We’re very aware of this in Douglas County, Colorado where AFP bought our local school board. The big money injected into the election displaced a group of professional educators and installed a bunch of business-friendly hacks, contemptuous of democratic processes, who want to privatize our schools and funnel taxpayer money to them.

  • Anonymous

    The damage that is being done in WI by the kochs, via Walker, their puppet boy, will be felt by those who will remain long after these crooks are gone.

  • Anonymous

    epublicans are part and parcel of this movement and need to feel the consequences as well. The term conservative has become a joke.Ronald Reagan wouldn’t pass the smell test with those lunatics today. If you are serious about education, ask the educators. They are the ones who have been demonized as if the union they belonged to tried to determine the course of public education and was falsely demonized as well. Voucher schools are producing no better outcomes and are gentrifying education as well. If you say you are for education, you must be for education for all, not just those children voucher schools consider to be deserving. Yes Virginia, they cherry-pick,. And Scott Walker wants to expand this. I’ll take my chances with Mary Burke.

  • Anonymous

    Agreed. Just ask Milwaukee County.

  • Thaddeus Kozubal

    SCOTUS has done a severe disservice to the citizens of this great country with their decision in the “Citizens United” case. It is one of the worst decisions of this century. What I fear is that there will be more in the same category. We might have to impeach the Supreme Court to gain our country back. The NSA, FBI, and CIA need to start shadowing the members of this court and their finances to see if they have been bought by the same dark money that is trying to buy our country and its politicians.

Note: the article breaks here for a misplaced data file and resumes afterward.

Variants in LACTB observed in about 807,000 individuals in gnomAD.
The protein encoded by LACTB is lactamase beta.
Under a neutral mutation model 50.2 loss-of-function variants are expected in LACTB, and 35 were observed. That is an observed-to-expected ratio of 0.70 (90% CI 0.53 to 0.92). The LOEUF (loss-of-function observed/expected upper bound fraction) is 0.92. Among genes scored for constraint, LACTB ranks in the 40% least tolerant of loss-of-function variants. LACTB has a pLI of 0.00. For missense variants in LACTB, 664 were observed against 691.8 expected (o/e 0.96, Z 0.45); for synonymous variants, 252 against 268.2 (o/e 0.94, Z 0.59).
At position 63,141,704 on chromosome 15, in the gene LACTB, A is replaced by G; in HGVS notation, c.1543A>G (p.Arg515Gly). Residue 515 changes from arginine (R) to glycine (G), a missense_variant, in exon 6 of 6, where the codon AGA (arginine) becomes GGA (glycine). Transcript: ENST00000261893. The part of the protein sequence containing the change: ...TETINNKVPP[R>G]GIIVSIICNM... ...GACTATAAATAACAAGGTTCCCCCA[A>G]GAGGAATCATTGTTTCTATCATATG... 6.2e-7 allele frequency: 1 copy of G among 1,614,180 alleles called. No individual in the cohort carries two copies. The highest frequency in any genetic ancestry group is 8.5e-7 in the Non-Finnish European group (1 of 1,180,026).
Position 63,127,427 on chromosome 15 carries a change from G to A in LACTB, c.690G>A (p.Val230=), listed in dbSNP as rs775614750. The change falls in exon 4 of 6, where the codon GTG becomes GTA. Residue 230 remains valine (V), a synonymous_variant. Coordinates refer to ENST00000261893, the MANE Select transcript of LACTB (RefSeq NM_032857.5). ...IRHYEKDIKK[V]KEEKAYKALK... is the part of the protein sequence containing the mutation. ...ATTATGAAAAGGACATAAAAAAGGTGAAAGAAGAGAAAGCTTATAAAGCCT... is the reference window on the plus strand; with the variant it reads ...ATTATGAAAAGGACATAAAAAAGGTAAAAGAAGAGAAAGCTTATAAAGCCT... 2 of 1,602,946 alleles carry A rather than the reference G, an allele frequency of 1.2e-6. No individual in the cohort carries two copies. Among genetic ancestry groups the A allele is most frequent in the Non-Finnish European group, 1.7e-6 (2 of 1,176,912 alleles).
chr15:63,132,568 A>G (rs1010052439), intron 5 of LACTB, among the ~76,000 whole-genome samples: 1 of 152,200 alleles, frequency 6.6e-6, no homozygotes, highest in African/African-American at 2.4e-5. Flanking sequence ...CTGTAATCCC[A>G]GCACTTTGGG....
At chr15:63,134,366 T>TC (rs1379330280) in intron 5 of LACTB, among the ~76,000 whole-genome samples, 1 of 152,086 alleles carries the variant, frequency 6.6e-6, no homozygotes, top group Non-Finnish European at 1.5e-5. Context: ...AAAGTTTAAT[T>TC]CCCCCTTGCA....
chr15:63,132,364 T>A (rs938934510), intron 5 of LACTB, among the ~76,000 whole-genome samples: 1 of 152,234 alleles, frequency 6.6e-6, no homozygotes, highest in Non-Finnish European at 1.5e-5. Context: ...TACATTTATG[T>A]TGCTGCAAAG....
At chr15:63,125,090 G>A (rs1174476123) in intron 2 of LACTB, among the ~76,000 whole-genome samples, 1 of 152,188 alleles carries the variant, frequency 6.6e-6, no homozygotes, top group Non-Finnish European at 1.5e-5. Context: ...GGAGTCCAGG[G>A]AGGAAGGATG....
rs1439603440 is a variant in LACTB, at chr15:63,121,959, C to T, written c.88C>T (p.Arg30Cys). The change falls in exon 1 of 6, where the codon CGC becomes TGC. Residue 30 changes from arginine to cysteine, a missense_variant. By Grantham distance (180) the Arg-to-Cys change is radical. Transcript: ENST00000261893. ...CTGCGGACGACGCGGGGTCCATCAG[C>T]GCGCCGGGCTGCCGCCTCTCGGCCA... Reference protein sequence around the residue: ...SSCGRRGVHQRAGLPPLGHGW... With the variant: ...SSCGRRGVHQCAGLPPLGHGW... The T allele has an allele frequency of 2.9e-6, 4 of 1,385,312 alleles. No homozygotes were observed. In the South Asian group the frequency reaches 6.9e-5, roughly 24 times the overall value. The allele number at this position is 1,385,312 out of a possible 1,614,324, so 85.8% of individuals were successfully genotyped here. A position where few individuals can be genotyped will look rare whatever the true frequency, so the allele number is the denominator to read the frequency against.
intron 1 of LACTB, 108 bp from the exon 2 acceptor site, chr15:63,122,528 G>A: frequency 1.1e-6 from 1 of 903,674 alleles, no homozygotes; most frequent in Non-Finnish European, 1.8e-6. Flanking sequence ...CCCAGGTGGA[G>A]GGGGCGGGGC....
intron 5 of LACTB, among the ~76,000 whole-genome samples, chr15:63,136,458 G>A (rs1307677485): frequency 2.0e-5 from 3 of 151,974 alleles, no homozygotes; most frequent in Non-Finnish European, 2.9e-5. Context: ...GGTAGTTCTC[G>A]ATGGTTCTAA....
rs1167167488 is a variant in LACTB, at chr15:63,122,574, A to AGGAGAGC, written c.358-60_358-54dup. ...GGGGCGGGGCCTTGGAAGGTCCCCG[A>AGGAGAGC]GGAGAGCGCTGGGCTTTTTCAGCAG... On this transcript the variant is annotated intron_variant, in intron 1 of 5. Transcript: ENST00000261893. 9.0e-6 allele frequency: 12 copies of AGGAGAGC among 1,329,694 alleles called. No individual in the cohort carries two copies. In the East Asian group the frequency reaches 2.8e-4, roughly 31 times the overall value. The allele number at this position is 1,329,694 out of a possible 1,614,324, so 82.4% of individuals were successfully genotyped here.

• Thaddeus Kozubal

    Anything for a buck!!! Now the rich fund managers are trying to turn public education into a profit center where they can extract fortunes from the government under the guise of “better” education. They are slime. This movement must NOT be allowed to continue any further.

  • Anonymous

    If there’s any hope, we lost a number of professional educators on our local school board to business-friendly hacks. The district’s bond rating went from AA-rated to “in jeopardy” within 2 years after “business friendly” took a wrecking ball to the district’s budget and emergency funds.

    Then the head hack ran for village mayor and threw big money, big advertising, and a door-to-door campaign to oust the incumbent. Startlingly, he lost, big time. Nice guy, but generally misinformed.

    Good luck, Douglas County, man the phone banks, go door to door, work with any teacher’s groups or unions to beat back these shameless attacks on our schools, our communities and our democracy. End corporate thugocracy.

  • Barb

    Just got harder with the Supreme Court.decision today. Breyer gets it!

  • Anonymous

    I didn’t waste my time reading past the headline, but that alone did give me an idea: how can we git rid of Bill Moyers? I thought we were finished with him and then he came back.

  • Anonymous

    Tyranny, like the dinosaurs, is soon to be in decay. Even the Greeks had to deal with it. Send U-HAUL to the Koch mansions.

  • Anonymous

    I have to admit that I like the idea of these two brothers spending excessively on elections and LOSING hopefully that will happen at the ballot

  • Jerry Person

    Agree. only right wing Russian Koch communist disagree. would an American consider voter suppression or a police state like Koch has created for personal gain. These are all Russian ideal taught to fred Koch by josef stalin. Koch kills just like stalin did